Culture and Literature in the EFL Classroom
Bridging the Gap between Theory and Practice
Table Of Content
- Title Page
- Copyright Page
- About the author
- About the book
- Citability of the eBook
- Part 1: Setting the scene: culture and literature in EFL education
- Culture and literature in EFL education: functions and antinomies
- Learning about culture in the EFL classroom: then and now, in theory and practice
- Developing inter- and transcultural competences in EFL textbooks for advanced learners
- Part 2: Shakespeare in EFL education
- “To be or not to be digital” – Shakespeare 2.0
- Relating to the bard and dealing with human conflicts in EFL education
- Translation history and the propaedeutics of literary theory: Apropos of Shakespeare’s “Sonnet 66”
- Part 3: Learning with authentic materials
- Integrating authentic texts from pop culture in EFL education
- ‘Time the final frontier’1 – learning English through time travel narratives
- Global and transcultural learning through Khaled Hosseini’s The Kite Runner
- Getting engaged with South Africa’s culture and history through authentic materials
- Part 4: Focussing on India in EFL education
- Bollywood in Indian diasporic literature
- Of tigers, tiffins and Diwali – taking students on a (mental) journey to India
- List of figures
- List of tables
In today’s global society, it is of paramount importance to be able to interact with people from different cultural backgrounds, understand, and embrace them. For the foreign language learner, this means operating “as informed agents between languages”, “overcoming stereotypes”, and becoming a “responsible global citizen” (Garrett-Rucks 2016, p. 41). Educators, therefore, play an important role in fostering the development of inter- and transcultural competence as well as literature-related competences in the foreign language classroom. The concepts and issues raised in this volume surrounding culture and literature in EFL (English as a foreign language) education invite the reader to engage in critical thinking while reflecting upon significant theoretical frameworks and their application in practice.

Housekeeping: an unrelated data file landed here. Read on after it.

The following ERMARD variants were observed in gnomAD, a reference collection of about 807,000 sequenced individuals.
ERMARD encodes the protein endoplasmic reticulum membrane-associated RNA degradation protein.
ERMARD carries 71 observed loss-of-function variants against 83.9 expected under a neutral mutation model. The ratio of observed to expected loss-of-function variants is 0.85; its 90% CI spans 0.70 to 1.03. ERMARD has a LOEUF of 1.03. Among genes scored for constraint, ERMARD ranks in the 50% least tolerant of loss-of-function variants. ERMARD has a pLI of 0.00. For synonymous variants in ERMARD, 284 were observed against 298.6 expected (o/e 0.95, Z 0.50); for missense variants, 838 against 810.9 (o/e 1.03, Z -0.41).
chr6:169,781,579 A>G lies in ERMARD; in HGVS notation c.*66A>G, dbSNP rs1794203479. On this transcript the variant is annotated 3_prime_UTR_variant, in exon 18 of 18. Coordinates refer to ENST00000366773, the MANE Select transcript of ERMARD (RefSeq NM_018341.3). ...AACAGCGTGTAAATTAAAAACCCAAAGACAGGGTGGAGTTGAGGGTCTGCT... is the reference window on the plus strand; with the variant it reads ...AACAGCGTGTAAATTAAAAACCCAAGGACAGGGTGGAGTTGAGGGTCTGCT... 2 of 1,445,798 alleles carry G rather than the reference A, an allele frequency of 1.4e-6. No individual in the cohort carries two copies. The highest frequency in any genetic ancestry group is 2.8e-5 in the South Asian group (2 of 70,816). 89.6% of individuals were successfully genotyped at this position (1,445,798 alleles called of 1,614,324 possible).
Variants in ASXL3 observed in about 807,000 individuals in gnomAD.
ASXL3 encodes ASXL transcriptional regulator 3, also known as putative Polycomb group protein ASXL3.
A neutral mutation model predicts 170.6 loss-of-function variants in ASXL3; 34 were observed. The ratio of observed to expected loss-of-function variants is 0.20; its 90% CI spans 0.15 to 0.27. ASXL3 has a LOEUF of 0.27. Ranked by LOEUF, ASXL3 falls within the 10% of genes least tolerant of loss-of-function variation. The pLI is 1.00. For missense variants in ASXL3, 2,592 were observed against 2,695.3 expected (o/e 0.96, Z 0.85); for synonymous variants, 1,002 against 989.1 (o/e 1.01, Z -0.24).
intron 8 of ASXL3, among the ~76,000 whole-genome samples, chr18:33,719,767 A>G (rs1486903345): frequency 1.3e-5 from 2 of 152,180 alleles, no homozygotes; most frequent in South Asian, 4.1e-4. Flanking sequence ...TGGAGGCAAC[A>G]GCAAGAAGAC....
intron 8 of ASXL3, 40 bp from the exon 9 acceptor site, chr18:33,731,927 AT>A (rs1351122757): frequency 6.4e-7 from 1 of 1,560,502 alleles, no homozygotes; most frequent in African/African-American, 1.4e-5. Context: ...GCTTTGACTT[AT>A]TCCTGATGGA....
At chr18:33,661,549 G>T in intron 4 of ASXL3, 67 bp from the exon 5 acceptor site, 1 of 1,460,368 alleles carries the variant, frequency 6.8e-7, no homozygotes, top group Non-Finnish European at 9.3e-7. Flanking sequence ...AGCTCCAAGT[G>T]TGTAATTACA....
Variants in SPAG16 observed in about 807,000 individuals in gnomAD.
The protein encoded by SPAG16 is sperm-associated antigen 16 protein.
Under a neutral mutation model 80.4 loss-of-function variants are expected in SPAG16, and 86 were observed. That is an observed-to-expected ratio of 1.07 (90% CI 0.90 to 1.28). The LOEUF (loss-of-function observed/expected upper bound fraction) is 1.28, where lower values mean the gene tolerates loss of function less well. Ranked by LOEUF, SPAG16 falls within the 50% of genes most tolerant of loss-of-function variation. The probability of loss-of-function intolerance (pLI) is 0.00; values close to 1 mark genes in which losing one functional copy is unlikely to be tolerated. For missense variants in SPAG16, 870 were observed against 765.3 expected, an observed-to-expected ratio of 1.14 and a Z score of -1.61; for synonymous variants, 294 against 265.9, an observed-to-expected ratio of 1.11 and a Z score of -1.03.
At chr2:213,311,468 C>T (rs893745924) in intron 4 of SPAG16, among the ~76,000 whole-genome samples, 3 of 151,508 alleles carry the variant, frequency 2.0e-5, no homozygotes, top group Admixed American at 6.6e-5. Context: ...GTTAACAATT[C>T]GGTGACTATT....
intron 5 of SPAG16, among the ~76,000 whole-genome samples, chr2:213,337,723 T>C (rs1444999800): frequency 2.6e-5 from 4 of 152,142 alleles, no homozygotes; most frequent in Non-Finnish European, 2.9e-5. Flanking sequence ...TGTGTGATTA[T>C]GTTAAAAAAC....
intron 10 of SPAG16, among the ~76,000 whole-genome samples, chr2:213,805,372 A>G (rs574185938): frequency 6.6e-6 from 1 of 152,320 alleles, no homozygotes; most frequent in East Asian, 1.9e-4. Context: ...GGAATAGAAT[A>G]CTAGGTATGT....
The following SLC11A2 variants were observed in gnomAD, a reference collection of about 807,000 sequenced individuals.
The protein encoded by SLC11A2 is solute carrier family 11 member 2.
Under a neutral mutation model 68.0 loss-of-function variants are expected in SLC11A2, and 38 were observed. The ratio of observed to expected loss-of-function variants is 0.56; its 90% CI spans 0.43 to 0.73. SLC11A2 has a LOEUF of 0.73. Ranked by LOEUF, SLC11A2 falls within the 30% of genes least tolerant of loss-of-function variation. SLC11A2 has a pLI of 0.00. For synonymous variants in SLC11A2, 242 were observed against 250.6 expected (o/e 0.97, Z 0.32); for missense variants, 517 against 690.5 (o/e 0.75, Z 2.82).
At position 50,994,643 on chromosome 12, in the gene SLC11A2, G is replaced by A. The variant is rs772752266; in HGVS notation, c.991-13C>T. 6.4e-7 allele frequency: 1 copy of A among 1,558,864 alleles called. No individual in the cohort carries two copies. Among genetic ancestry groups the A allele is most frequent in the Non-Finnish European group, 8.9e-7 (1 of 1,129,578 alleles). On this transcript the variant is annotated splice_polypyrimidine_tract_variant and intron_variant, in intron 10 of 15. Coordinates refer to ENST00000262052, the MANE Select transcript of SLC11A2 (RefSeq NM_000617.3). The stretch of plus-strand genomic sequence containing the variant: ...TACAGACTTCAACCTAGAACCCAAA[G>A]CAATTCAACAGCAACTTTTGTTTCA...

The contributions deal with a wide variety of topics related to culture and literature ranging from theoretical concepts to textbook analysis, Shakespeare, the integration of authentic materials and pop culture as well as India in EFL education. Several practical resources are presented to illustrate how the vast fields of culture and literature can be integrated in practice. Students of TEFL (Teaching English as a Foreign Language) as well as practising educators require theory clearly related to practice. This volume aims to bridge the gap between theory and practice by encouraging educators to apply concepts to their own teaching contexts. The contributions contain suggestions, ideas and several practical activities to illustrate practical tasks for teachers’ usage in their own classrooms. Practising teachers, researchers, and university students are thus equipped with theoretical concepts as well as practical resources. Regarding the objectives of the resources presented, their function is utilitarian as well as entertaining – a discrepancy that can be identified when examining learning goals presented by governmental syllabuses (Ahrens 2013, p. 182).